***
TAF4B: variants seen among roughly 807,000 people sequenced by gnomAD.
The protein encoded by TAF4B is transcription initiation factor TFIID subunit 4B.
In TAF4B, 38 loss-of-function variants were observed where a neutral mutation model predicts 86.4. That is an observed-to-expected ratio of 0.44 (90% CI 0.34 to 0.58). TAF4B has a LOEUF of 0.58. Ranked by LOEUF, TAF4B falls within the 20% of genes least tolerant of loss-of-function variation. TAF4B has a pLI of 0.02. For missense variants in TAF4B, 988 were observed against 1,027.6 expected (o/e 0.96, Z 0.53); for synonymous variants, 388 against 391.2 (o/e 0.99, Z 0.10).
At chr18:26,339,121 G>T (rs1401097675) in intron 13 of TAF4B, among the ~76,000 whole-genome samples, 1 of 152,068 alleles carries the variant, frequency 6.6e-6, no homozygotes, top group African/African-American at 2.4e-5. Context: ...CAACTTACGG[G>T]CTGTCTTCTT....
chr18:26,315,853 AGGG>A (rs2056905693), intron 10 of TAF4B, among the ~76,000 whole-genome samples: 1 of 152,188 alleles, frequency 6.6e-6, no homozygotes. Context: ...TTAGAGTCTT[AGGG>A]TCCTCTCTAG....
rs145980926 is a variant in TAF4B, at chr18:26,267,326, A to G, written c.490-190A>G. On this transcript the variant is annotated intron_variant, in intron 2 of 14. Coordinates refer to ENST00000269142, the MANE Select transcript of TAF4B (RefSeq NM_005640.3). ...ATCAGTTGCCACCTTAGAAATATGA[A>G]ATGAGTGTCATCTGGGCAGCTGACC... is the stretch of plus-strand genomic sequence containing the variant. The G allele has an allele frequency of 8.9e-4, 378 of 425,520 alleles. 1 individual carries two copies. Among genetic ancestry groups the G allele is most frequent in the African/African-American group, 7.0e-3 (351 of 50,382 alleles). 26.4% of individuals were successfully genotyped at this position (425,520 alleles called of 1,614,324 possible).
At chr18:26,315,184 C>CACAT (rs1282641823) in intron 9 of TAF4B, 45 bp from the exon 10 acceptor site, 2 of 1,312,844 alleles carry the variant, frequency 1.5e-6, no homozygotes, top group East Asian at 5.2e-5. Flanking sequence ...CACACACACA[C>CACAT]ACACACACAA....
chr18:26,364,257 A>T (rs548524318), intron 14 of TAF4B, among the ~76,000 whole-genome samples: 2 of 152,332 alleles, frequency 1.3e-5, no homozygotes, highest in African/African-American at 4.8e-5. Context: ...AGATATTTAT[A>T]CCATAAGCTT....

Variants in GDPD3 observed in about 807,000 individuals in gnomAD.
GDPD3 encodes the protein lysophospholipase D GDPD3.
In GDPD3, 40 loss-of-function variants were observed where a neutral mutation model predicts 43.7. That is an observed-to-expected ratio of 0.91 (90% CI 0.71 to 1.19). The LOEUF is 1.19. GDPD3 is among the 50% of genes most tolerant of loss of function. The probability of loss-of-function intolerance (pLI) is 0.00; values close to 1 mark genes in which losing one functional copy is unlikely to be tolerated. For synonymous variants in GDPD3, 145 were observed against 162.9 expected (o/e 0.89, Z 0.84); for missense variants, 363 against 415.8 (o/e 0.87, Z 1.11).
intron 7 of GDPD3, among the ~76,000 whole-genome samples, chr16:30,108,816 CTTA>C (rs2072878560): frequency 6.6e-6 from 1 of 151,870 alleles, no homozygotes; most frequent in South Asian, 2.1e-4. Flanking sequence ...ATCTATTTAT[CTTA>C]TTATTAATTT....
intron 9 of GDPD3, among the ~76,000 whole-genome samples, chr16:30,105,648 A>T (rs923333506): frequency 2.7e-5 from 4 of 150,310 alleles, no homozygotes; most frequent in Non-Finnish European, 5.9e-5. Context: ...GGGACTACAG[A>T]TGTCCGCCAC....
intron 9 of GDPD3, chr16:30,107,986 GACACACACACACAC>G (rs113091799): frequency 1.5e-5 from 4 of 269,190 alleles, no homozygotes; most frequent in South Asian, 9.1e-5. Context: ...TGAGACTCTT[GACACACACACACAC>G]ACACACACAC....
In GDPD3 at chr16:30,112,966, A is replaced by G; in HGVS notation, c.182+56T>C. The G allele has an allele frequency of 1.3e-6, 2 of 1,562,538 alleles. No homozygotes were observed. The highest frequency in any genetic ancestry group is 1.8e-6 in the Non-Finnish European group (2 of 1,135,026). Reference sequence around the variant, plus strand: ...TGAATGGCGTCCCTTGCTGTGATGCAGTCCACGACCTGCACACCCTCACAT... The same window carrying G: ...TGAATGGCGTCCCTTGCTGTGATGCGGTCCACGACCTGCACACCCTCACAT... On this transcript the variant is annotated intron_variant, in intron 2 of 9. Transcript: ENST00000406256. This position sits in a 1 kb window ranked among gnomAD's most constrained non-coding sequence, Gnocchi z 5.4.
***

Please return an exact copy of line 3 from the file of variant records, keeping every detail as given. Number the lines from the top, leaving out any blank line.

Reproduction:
In TAF4B, 38 loss-of-function variants were observed where a neutral mutation model predicts 86.4. That is an observed-to-expected ratio of 0.44 (90% CI 0.34 to 0.58). TAF4B has a LOEUF of 0.58. Ranked by LOEUF, TAF4B falls within the 20% of genes least tolerant of loss-of-function variation. TAF4B has a pLI of 0.02. For missense variants in TAF4B, 988 were observed against 1,027.6 expected (o/e 0.96, Z 0.53); for synonymous variants, 388 against 391.2 (o/e 0.99, Z 0.10).